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Memories of High School Drama

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"Ferris Bueller's Day Off"
(Paramount Pictures)
"Pretty in Pink" trailer
(Paramount Pictures)

Remember those days when high school meant everything? There was drama around every locker. What if you don't have the right hairstyle? What if you forget your lines in the school play? What if that C in physics keeps you out of your top-choice college?

Well, you're not alone -- on the Web site Where Have All the Prom Queens Gone, readers have posted their memories of high school. We've compiled a few of their letters to help us look back at those tormented high school days:

My high school "experience" started out quite normally, I suppose. Coming out of 8th grade, some of my friends were the "popular" kids... some were the "band people" (like me), and others... Well, others were just regular kids.

But when I got to high school, everything changed. The kids that I considered my friends from my early years had now become part of the crowd of kids that were the jocks, the student council members and the beauty queens.

But I was no beauty queen. I had a severely recessed chin and big, round, green eyes. This was how people in my family looked, and they seemingly accepted me just fine. I became known to those kids I had never met as "fish."

I withdrew. I contemplated suicide. And my parents, rest their souls, had no clue. Not because they didn't want to know, but because I refused to bring them into my tortured world.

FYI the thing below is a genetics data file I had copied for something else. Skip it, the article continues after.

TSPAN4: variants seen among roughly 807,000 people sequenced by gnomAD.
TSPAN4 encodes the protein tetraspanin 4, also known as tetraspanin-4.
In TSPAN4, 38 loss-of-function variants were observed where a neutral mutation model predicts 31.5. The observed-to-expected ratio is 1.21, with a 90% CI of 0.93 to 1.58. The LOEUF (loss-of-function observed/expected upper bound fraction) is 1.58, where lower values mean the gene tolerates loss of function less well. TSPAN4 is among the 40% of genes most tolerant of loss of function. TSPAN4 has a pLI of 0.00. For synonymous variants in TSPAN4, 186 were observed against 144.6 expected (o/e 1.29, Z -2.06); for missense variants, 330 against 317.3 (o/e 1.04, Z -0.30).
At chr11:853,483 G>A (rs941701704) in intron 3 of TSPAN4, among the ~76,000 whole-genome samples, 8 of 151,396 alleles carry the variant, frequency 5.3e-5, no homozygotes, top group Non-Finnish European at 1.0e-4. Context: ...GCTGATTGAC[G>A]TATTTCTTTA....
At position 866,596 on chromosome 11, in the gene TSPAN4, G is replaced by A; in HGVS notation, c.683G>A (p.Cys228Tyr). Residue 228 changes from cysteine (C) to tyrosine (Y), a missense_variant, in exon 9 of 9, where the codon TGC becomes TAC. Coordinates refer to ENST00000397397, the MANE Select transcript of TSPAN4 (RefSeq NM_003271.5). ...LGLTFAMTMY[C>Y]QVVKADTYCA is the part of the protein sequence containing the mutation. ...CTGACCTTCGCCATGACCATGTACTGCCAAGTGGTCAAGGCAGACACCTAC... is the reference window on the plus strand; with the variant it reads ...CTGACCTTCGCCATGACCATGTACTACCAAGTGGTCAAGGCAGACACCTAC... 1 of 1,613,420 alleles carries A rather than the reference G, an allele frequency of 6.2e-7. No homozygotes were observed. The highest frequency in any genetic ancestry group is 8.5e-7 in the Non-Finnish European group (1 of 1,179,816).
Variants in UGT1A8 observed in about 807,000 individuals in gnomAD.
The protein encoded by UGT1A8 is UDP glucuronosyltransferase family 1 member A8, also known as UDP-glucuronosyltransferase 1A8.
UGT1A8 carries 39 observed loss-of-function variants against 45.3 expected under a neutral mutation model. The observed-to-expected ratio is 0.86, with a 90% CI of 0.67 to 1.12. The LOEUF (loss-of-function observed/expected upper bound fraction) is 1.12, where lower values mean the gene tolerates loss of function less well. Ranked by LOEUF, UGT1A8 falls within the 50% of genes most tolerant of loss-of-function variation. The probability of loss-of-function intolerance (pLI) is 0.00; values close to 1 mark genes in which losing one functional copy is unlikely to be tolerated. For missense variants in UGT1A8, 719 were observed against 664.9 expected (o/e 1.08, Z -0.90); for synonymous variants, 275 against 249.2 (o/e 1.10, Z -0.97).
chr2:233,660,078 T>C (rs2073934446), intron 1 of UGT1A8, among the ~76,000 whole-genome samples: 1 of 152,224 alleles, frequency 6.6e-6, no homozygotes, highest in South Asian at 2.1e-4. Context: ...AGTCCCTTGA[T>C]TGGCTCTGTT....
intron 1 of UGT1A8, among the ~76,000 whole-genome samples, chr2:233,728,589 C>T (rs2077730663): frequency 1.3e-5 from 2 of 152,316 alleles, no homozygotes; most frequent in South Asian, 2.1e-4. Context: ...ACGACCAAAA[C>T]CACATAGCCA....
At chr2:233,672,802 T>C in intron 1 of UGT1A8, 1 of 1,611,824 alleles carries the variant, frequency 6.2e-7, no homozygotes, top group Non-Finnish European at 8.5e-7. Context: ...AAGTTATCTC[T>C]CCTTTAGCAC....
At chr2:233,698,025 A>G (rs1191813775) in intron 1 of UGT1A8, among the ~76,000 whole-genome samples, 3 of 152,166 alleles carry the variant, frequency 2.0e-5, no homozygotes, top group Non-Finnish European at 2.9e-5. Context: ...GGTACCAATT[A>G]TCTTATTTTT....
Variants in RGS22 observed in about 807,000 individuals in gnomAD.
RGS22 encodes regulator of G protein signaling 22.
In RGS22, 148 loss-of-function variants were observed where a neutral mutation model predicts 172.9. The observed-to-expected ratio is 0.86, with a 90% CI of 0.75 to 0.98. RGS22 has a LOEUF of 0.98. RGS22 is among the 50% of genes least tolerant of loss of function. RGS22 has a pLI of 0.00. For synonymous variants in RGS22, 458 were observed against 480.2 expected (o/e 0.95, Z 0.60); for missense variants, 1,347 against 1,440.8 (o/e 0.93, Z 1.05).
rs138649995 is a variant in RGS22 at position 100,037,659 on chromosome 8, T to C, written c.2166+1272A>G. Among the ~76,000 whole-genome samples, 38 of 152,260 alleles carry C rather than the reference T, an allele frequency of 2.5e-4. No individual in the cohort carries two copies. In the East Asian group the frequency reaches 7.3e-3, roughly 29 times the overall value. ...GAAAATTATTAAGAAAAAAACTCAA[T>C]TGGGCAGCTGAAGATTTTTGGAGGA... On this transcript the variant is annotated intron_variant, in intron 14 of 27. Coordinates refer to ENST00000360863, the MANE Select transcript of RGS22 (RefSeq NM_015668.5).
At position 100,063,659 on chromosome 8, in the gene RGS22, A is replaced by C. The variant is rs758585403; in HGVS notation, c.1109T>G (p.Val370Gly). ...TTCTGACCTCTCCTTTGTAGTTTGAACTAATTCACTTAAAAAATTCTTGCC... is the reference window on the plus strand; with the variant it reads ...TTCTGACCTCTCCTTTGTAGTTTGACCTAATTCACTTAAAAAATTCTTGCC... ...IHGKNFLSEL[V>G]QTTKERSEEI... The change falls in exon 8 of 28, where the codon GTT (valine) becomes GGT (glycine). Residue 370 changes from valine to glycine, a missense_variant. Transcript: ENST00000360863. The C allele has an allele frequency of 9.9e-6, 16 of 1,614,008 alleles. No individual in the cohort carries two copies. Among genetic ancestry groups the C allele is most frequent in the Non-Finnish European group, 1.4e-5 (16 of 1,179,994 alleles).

I would take stairs between classes that I knew they didn't take. I would come to school through different doors, and I began to limit my interactions to those kids who were more like me -- ostracized: band members, geeks, unattractive kids, kids with good hearts.

So I hunkered down with my new-found friends who thought I was fun, funny, smart, and had a clue as to what was really important. In my last year of high school, I really had a great time.

Alice, class of 1980

I was the quarterback. I dated the captain of the cheerleading squad my entire senior year. She was jealous of the prom queen -- who was a fellow cheerleader.

I liked the prom queen too.

It's funny to think back on some of the dirty looks in the hallway between the girls.

Jaimie, class of 1976

She just seemed to know she was getting the tiara, didn't she? That "oh-my-god" expression and teary-eyed reaction was all put on. That slow-motion walk to stand up near the quarterback was as deliberate as a bitch slap in prison.

She had some nerve. I should have been the Queen. I'm the one who decorated the gym and made cookies for the pep club.

I was the student council president and the girl that was nice to everyone. And I had to stand there and watch her walk the walk and take the prize. Excruciating.

Amy, class of 1975

Going to my 20-year class reunion was important to me -- mainly because I had become a successful lawyer. I couldn't wait to throw it in their faces... to confront the kids that had made fun of me.

When I got there, those kids didn't even remember my name. That means, I've suffered all these years and they had no recollection?

How could they not remember? How could they be so impervious to the pain they caused?

Well, they didn't. And that taught me the most important lesson: Kids are kids.

Ken, class of 1982

  • Music Bridge:
    Zing Zong
    Artist: Pink Skull
    CD: Zerppelin 3 (Free News)


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